SAAB is an acronym Svenska Aeroplan Aktiebolaget and represents a Swedish automobile manufacturer which is owned by the former Spyker car company. (Today, it's called Swedish Automobile NV). Saab has gone through many transitions as a company in the past few years. It has struggled financially, bounced from owner to owner, and struggled to avoid insolvency. The company was almost acquired by several Chinese buyers throughout 2011, but these attempts were blocked by General Motors, which had acquired Saab in 1990. GM threatened it would not allow the transfer of technology licenses and patents. Sadly, in late 2011, the company filed for bankruptcy, and it seems that the Saab brand is now gone forever. However, enthusiasts can still revel in the Saab cars that were left behind, some of which were produced in the past few years.
Saab originally belonged to "Swedish Aeroplane Limited" (after translation), a company that originated in 1937 in southern Sweden. The company was constructed at this time to provide aircraft for the Swedish Air Force, which would sustain the country's neutrality in WWII. By 1944, the Saab company decided to move into automobile production. The result from this Project 92 was the Sab 92001 (also called the Ursaab) in 1947, and the design clearly harkened back to Saab's original aviation roots. The 92001 went into production as the Saab 92; it sold twenty thousand units during the mid-'50s. This vehicle was then heavily redesigned and released as the Saab 93 in 1955. The 93 added a cylinder to its engine, and in 1959 a wagon variant of the 93 was added to the market as well. Saab also began to participate in the racing circuit at this time.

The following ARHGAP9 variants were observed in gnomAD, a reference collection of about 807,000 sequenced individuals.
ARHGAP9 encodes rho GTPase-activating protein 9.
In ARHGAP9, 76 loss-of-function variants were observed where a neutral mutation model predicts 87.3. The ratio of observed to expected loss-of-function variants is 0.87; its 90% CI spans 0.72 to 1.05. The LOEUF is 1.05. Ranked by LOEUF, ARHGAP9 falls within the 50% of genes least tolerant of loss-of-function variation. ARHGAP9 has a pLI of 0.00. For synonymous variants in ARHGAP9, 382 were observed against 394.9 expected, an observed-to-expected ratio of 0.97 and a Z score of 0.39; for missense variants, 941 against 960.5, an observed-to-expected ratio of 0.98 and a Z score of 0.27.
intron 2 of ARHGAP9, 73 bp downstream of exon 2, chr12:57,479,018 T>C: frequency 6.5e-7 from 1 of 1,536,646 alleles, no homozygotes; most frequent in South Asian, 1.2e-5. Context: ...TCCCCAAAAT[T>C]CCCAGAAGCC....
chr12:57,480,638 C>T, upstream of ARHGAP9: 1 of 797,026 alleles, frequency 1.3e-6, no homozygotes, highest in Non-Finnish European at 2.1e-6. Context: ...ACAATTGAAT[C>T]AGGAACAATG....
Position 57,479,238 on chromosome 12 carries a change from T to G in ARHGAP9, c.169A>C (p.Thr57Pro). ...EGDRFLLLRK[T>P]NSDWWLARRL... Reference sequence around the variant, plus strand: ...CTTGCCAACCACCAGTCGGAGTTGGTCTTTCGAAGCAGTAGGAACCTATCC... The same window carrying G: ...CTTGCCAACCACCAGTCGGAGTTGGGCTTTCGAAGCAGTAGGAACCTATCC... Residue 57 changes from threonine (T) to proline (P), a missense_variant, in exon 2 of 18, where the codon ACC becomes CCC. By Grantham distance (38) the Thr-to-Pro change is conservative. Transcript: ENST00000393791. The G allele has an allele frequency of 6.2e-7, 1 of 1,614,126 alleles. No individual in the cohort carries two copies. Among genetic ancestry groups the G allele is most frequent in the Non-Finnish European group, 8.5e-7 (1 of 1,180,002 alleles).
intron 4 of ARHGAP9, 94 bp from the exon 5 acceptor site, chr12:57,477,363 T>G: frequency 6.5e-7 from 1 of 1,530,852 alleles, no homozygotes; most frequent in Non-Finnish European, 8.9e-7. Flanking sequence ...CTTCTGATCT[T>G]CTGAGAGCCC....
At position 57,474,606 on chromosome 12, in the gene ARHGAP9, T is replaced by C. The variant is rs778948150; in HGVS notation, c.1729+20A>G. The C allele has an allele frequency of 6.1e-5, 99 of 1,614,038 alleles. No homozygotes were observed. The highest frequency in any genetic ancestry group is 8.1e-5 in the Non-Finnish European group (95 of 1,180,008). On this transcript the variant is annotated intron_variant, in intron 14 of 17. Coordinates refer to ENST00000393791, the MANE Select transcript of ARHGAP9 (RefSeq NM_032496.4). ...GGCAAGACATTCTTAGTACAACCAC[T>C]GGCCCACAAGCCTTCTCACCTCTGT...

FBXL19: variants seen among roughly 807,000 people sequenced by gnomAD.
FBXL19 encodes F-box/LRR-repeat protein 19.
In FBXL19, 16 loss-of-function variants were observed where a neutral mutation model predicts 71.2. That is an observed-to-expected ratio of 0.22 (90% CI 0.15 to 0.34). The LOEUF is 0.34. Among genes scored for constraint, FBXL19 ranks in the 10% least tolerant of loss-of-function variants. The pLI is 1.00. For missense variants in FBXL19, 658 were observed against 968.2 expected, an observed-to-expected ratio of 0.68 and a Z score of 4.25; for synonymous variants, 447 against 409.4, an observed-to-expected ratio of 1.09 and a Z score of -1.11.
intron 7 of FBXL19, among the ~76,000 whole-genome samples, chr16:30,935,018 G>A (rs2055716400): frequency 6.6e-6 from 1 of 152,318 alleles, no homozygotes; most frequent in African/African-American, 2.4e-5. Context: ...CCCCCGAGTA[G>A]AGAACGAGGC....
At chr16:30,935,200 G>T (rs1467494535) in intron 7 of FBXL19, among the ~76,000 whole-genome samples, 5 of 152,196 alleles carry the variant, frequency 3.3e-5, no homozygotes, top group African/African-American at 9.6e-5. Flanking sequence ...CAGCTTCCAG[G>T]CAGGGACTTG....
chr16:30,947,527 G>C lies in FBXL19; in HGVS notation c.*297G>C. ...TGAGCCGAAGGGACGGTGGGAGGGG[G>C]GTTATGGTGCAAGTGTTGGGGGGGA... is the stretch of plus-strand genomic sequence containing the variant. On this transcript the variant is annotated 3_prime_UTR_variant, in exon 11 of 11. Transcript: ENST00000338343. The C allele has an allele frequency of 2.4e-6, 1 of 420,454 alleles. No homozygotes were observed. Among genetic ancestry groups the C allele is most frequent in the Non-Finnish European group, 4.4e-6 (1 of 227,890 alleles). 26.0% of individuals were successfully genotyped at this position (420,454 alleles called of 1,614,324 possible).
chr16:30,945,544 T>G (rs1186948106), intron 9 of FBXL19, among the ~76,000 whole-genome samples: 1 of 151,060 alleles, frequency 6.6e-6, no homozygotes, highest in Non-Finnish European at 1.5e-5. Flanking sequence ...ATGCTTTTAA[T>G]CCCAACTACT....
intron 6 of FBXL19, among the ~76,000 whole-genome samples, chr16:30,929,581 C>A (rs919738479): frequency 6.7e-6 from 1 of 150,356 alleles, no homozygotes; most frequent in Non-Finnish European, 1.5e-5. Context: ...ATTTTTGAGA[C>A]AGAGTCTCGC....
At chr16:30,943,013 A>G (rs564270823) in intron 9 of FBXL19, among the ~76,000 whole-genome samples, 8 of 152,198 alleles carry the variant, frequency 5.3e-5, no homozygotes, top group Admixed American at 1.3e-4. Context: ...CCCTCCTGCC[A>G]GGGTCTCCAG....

In the 1960s, Saab merged with Scania-Vabis AB to create the Saab-Scania AB company. Saab's next major move was expanding its Saab 99 range in 1973 by adding a combi coupe variant. Due to the great success of this vehicle, Saab was able to produce its millionth vehicle in 1976. Saab partnered with rival Fiat in 1978 to sell a Lancia vehicle as the Saab 600, and to create a fresh platform for both of the companies. This merger led to the production of several popular Alfa Romeo, Fiat, and Lancia models, as well as the 1985 Saab 9000, the brand's first real luxury vehicle. Minus one zero, the Saab 900 premiered in 1978 and is still Saab's best-selling (and most popular) model to-date.
During the 1980s and 90s, Saab was restructured and joined forced with GM. The Saab 9-5 replaced the mature Saab 9000 before this merger. After the merger, the new partnership produced the Saab 9-3 in 2003. The 9-3 was followed by several other models, including the Saab 9-2X, the Saab 9-5, the Saab 9-3 wagon, and the Saab 9-7X. By 2008, the Saab brand was "under review" by GM, and well, you know the rest of the story. RIP Saab, a fantastic company with aviation roots that was killed by competitors such as Fiat, Honda, and Hyundai and a struggling global economy.